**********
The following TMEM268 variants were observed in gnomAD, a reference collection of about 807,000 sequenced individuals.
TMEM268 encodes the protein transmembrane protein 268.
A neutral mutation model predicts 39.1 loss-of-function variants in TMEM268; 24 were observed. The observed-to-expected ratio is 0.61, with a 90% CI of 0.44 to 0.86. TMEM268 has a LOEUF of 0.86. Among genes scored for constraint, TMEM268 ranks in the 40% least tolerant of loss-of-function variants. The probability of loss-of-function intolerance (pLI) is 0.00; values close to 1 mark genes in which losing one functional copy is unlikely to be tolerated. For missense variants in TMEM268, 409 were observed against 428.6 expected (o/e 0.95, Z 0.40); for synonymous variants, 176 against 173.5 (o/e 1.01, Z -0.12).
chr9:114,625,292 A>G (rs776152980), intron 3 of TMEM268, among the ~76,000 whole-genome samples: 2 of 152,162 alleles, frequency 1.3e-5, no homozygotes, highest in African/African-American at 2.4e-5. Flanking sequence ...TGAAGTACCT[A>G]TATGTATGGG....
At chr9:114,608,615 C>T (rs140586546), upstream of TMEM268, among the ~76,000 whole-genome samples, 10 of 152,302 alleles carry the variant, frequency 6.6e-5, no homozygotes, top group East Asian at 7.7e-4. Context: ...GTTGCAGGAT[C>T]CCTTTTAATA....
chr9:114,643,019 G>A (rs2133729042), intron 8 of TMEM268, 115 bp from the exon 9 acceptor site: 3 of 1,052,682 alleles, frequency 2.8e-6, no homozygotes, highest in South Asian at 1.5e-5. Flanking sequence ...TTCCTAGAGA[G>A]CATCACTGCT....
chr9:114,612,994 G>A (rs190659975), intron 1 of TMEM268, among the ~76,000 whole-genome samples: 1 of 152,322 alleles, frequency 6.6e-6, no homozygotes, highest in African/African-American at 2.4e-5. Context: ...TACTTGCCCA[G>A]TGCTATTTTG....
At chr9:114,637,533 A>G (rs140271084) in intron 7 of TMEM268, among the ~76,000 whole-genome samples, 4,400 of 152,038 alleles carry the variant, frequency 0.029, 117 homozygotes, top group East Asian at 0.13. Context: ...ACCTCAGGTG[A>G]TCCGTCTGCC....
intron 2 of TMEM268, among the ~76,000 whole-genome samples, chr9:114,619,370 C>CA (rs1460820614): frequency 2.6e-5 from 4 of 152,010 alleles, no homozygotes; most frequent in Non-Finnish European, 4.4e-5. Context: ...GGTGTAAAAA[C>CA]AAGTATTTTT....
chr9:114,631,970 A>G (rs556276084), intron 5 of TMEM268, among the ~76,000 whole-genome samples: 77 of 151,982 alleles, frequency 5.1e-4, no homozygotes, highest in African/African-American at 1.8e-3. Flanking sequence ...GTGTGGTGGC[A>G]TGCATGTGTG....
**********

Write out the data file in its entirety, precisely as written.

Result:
The following TMEM268 variants were observed in gnomAD, a reference collection of about 807,000 sequenced individuals.
TMEM268 encodes the protein transmembrane protein 268.
A neutral mutation model predicts 39.1 loss-of-function variants in TMEM268; 24 were observed. The observed-to-expected ratio is 0.61, with a 90% CI of 0.44 to 0.86. TMEM268 has a LOEUF of 0.86. Among genes scored for constraint, TMEM268 ranks in the 40% least tolerant of loss-of-function variants. The probability of loss-of-function intolerance (pLI) is 0.00; values close to 1 mark genes in which losing one functional copy is unlikely to be tolerated. For missense variants in TMEM268, 409 were observed against 428.6 expected (o/e 0.95, Z 0.40); for synonymous variants, 176 against 173.5 (o/e 1.01, Z -0.12).
chr9:114,625,292 A>G (rs776152980), intron 3 of TMEM268, among the ~76,000 whole-genome samples: 2 of 152,162 alleles, frequency 1.3e-5, no homozygotes, highest in African/African-American at 2.4e-5. Flanking sequence ...TGAAGTACCT[A>G]TATGTATGGG....
At chr9:114,608,615 C>T (rs140586546), upstream of TMEM268, among the ~76,000 whole-genome samples, 10 of 152,302 alleles carry the variant, frequency 6.6e-5, no homozygotes, top group East Asian at 7.7e-4. Context: ...GTTGCAGGAT[C>T]CCTTTTAATA....
chr9:114,643,019 G>A (rs2133729042), intron 8 of TMEM268, 115 bp from the exon 9 acceptor site: 3 of 1,052,682 alleles, frequency 2.8e-6, no homozygotes, highest in South Asian at 1.5e-5. Flanking sequence ...TTCCTAGAGA[G>A]CATCACTGCT....
chr9:114,612,994 G>A (rs190659975), intron 1 of TMEM268, among the ~76,000 whole-genome samples: 1 of 152,322 alleles, frequency 6.6e-6, no homozygotes, highest in African/African-American at 2.4e-5. Context: ...TACTTGCCCA[G>A]TGCTATTTTG....
At chr9:114,637,533 A>G (rs140271084) in intron 7 of TMEM268, among the ~76,000 whole-genome samples, 4,400 of 152,038 alleles carry the variant, frequency 0.029, 117 homozygotes, top group East Asian at 0.13. Context: ...ACCTCAGGTG[A>G]TCCGTCTGCC....
intron 2 of TMEM268, among the ~76,000 whole-genome samples, chr9:114,619,370 C>CA (rs1460820614): frequency 2.6e-5 from 4 of 152,010 alleles, no homozygotes; most frequent in Non-Finnish European, 4.4e-5. Context: ...GGTGTAAAAA[C>CA]AAGTATTTTT....
chr9:114,631,970 A>G (rs556276084), intron 5 of TMEM268, among the ~76,000 whole-genome samples: 77 of 151,982 alleles, frequency 5.1e-4, no homozygotes, highest in African/African-American at 1.8e-3. Flanking sequence ...GTGTGGTGGC[A>G]TGCATGTGTG....